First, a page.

02Rethink Innovation Investments
We don’t use crystal balls to predict the future
- but data and brains
Investing in fast forward technology has been limited to relying on the obvious tech companies so far. However, this strategy is not only rather expensive, but also short-sighted. Our approach is different. We have mastered the art of screening for future viability: The core of our services is our investment methodology. Let’s explain why our philosophy is as pragmatic as it gets when it comes to identifying the impact of innovation and why true value creation is our main indicator.
Our philosophy: Applied innovation in a set of selected tech sectors has a positive impact on future earnings, and with that - on performance. We aim to detect those companies with innovative processes, products and services in place, as this is more likely to lead to exponential growth in the future.
Our funnel is based on data analysis and expert insights to identify the 3.000 companies out of almost 50.000 that have already implemented pioneering technologies. We call it the Singularity Universe: a set of listed companies across all countries and industries, contributing to and benefitting from exponential innovation in 12 Singularity Sectors as identified by our Expert Advisory Board.
Our approach is holistic and mid-to long-term-oriented.
It takes into account that true growth is exponential and rooted in early adopted transformation processes. We look for actual value creation. Once a new tech hype surfaces, it comes with two variables: Firstly, it’s uncertain whether the technology makes the long-term breakthrough and secondly, if so, at which point in time existing companies implement it as part of their growth strategy and at which point in time this results in revenue. That’s exactly what we look at: the moment when a technology’s integration into an existing business leads to exponential innovation. As a result, we also identify those established companies that have incorporated new technologies and proven marketability allowing for technology-focused investment approach without needing to invest in overpriced new tech companies or technologies themselves.
Selected Singularity Sectors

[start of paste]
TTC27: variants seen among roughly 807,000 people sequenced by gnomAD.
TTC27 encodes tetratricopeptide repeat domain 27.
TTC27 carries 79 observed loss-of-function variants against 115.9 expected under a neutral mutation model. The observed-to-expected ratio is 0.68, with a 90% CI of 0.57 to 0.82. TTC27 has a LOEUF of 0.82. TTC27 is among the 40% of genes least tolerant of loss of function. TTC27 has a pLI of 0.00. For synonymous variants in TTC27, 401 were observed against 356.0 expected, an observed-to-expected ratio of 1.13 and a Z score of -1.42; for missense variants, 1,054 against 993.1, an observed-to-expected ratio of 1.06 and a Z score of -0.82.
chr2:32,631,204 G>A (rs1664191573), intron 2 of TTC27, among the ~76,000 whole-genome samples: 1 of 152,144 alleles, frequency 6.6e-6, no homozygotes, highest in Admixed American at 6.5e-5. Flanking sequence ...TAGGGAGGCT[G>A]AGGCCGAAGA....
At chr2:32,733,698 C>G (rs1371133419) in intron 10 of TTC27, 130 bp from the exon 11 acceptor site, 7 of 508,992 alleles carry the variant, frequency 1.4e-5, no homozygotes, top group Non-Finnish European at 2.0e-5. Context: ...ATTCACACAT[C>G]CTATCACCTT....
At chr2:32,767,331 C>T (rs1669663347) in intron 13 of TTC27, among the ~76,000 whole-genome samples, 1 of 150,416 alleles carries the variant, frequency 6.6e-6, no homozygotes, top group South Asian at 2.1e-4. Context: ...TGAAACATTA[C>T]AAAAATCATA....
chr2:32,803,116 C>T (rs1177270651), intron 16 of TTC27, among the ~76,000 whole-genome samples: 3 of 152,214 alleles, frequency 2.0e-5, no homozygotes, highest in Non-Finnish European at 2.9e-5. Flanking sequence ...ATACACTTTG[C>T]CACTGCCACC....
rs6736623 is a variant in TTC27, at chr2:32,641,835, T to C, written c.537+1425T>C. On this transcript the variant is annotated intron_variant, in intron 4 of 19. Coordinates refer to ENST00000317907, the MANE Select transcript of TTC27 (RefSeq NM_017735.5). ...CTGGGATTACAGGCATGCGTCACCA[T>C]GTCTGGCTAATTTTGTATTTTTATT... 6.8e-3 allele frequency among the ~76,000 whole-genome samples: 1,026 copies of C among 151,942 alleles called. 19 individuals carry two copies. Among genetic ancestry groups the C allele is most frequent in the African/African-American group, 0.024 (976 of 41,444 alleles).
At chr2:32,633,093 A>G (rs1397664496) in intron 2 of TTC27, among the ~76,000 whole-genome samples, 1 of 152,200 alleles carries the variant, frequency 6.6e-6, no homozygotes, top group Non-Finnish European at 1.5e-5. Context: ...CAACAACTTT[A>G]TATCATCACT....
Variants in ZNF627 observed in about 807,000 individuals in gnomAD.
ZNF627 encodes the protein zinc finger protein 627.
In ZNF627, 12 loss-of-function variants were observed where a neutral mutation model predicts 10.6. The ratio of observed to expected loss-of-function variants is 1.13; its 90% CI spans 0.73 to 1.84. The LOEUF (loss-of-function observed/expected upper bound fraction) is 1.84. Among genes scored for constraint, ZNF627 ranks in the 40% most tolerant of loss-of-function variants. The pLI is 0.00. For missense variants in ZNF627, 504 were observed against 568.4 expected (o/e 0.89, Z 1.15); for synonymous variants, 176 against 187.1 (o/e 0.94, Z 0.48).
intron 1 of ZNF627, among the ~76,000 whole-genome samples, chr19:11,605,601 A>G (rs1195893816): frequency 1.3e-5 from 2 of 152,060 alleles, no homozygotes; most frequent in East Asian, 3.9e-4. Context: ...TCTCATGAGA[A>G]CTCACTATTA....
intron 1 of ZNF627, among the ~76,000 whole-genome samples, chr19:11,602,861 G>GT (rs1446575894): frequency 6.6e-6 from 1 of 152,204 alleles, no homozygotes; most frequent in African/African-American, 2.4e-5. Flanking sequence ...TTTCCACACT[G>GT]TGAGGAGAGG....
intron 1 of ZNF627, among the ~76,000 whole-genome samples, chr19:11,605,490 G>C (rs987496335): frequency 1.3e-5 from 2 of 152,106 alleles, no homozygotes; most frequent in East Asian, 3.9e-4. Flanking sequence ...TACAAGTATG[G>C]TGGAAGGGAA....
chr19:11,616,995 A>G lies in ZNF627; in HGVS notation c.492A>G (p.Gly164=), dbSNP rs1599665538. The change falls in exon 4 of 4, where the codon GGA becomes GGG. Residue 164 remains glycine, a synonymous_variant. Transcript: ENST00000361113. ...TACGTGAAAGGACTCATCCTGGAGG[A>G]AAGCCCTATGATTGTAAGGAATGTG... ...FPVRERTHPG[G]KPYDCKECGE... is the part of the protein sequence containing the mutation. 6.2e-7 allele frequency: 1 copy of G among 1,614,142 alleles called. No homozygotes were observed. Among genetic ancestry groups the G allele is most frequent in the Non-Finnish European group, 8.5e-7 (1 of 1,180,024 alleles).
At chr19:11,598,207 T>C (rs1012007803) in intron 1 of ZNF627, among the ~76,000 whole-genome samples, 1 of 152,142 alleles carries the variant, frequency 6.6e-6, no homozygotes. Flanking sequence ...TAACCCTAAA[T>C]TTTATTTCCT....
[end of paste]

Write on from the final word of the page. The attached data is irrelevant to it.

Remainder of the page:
3D printing, also known as additive manufacturing, is the process of printing, layer by layer, any three-dimensional object based on a digital file. In a 3D printer, one or more print heads extrudes a small amount of materials in precise locations to build objects point by point from the bottom up.
Today we can 3D print in full color and in over 250 different materials ranging from titanium to rubber, leathers and even chocolate. 3D printers can create very complex structures of mixed materials and print almost anything, from jet engines to jewelry to houses and even medical prosthetics.
Artificial Intelligence (AI) is defined as an area in Computer Science dedicated to install human intelligence in computers and other machines. AI is the core Singularity Sector, combining processes, data collected, and applications from other sectors to improve intelligence beyond humans. AI is also applied in most Sectors, being the key to Big Data analysis, Smart Homes, Autonomous Vehicles and Aircrafts, to name a few.
AI will change the way most things are done at work, at home, and in life in general. To stay up to date, companies are heavily investing in AI technologies, often in smaller companies to get a head-start vs starting form scratch. AI is one of the fastest growing Singularity Sectors.
Big Data (BD) is defined as high volume, high velocity and/or high variety information that requires new forms of processing and, if well processed, can significantly enhance insight and decision making.
Primary drivers for companies to invest in Big Data are better resource management and insights into customer behavior and trends. Hindering the widescale and faster growth of Big Data are safety concerns and system barriers between departments and current tools used. As these concerns get addressed, there will be nothing standing between exponential penetration of Big Data systems in many industries.
Big Data is inherently at the same time the reason, the driver, and the potential for Blockchain Technology. The tremendous potential for change is brought by the link of Big Data with the Internet of Things (IoT) and AI. IoT has substantial potential for data generation by 2020, with 21 billion IoT endpoints estimated to be in use. The aera of Machine to Machine (M2M) is born.
Bioinformatics interlinks computer science, statistics, mathematics, and engineering to analyze and interpret biological data. The range of application is fairly wide. In 2015, genomics was the dominant piece of the market with 27.2% market share.
The introduction of bioinformatics has greatly reduced failed R&D expenditure: The majority of drugs fail in the latter phases of clinical trials and Bioinformatics’ predictive drug discovery and drug design processes have helped reduce the risk of dedicating too much time and resources in a wrong area.